US Supreme Court
Two hours have been set aside at the U.S. Supreme Court on Tuesday for lawyers to argue the constitutionality of the Affordable Care Act's requirement that Americans get health insurance. REUTERS

After the Supreme Court health care decision upholding Obamacare, the National Retail Federation, the world's largest advocate for merchandisers, said Thursday the law is too complicated and difficult for businesses to implement and administer.

It penalizes employers too much; it doesn't do enough to reduce the cost of health care; and it is unreasonably complicated and difficult to implement and administer, said NRF President and CEO Matthew Shay in a statement released after the ruling was issued.

The Washington, D.C.-based NRF said it is committed to moving to the next step and supporting legislatiion that will repeal the law, which the Republicans on Capitol Hill have promised to work toward.

Wal Mart Stores, Inc.(NYSE:WMT), the world's largest retailer, had cast its support behind the Patient Protection and Affordable Care Act. In October, facing rising premiums, the company annouced it would no longer offer health insurance to its new part-time employees and that it would cut in half its contributions to employees' health saving accounts. The move was used as ammunition from opponents of the act, blaming the legislation for Wal-Mart's decision.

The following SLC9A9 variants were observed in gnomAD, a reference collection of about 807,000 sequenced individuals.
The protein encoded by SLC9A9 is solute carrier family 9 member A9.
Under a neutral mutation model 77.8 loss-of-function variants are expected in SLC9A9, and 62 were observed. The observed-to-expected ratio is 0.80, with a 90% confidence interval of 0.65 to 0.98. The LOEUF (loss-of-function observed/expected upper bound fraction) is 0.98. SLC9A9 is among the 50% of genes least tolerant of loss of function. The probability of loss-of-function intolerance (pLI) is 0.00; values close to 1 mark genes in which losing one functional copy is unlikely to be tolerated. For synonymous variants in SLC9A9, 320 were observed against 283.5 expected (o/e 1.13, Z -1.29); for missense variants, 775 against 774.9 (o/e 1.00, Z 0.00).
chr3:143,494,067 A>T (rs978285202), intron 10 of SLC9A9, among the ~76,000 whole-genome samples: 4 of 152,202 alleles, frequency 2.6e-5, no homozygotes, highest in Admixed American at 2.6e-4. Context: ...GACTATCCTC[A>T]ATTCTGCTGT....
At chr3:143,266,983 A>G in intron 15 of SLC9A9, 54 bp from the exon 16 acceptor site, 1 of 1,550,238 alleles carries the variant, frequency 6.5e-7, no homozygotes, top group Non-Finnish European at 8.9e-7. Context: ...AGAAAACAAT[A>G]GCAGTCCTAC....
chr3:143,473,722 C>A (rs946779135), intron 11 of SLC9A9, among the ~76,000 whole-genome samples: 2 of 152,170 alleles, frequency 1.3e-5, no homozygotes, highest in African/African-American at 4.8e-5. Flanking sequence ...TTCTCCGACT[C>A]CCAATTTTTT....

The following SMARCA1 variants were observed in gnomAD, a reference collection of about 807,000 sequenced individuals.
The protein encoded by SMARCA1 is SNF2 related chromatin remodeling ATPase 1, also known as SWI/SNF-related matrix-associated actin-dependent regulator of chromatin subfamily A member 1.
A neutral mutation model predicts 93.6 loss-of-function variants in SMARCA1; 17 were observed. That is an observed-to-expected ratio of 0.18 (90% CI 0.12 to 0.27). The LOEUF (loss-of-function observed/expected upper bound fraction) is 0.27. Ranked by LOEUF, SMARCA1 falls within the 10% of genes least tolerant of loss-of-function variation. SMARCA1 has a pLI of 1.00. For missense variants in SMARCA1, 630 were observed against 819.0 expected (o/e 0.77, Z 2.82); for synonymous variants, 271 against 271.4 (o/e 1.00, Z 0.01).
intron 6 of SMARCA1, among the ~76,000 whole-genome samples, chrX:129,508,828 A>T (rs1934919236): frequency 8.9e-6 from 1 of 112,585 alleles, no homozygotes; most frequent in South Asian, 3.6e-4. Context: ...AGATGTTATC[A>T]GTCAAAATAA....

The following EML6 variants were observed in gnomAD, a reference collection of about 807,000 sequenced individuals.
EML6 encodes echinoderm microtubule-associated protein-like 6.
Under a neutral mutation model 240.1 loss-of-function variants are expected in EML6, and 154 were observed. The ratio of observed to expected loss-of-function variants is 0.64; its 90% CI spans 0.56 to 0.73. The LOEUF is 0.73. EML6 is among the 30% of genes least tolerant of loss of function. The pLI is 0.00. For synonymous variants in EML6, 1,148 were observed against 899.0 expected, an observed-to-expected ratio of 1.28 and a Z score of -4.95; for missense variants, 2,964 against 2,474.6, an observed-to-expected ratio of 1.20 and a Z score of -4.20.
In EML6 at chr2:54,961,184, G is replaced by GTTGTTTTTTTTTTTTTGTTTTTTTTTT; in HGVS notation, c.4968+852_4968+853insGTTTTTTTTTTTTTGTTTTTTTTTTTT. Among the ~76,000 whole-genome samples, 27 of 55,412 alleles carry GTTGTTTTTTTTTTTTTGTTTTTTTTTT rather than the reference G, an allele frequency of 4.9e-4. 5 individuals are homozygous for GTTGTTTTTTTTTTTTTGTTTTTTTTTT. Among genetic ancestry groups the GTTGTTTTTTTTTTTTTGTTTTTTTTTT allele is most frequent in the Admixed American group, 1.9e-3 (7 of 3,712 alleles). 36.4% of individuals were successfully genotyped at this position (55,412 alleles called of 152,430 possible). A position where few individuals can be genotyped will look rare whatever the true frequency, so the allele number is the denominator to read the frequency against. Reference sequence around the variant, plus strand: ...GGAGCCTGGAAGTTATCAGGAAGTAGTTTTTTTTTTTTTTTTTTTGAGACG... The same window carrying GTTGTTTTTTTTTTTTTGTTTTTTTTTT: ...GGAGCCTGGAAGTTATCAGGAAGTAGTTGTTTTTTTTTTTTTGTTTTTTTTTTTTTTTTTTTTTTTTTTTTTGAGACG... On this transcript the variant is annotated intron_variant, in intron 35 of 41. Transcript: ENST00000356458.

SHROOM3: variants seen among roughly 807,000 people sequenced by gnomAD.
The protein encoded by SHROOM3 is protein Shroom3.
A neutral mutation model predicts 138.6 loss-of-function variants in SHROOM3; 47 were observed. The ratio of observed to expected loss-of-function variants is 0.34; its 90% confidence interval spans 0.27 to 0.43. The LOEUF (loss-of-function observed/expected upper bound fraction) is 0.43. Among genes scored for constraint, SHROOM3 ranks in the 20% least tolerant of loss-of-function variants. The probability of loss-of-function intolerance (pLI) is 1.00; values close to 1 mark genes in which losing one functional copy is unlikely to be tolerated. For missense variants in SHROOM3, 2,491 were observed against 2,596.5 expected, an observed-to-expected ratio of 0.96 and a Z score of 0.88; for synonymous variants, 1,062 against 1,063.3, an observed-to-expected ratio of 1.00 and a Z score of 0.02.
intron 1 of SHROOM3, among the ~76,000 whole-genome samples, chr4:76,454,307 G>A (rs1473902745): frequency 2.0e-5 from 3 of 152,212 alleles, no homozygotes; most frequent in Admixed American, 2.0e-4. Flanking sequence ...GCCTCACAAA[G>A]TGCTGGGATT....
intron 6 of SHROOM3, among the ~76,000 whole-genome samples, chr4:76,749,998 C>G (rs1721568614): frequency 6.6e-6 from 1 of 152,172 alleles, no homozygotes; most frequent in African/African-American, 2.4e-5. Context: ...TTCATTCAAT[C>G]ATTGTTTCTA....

Insurance premiums rose sharply in 2011, by 9 percent according to the Kaiser Family Foundation. But premiums have doubled since 2001 and have been rising since before the act was passed into law. As of last year, the cost to insure a family of four was $15,073 annually, according to Kaiser. Of that sum, employers provided $10,944 per year on average. The self employed are forced to pay higher rates in the private insurance market, provided insurers allow customers to purchase their products.

Employees' premium have grown faster, too. The rate of increase between 2001 and last year was 131 percent for employees compared to 113 percent for employers.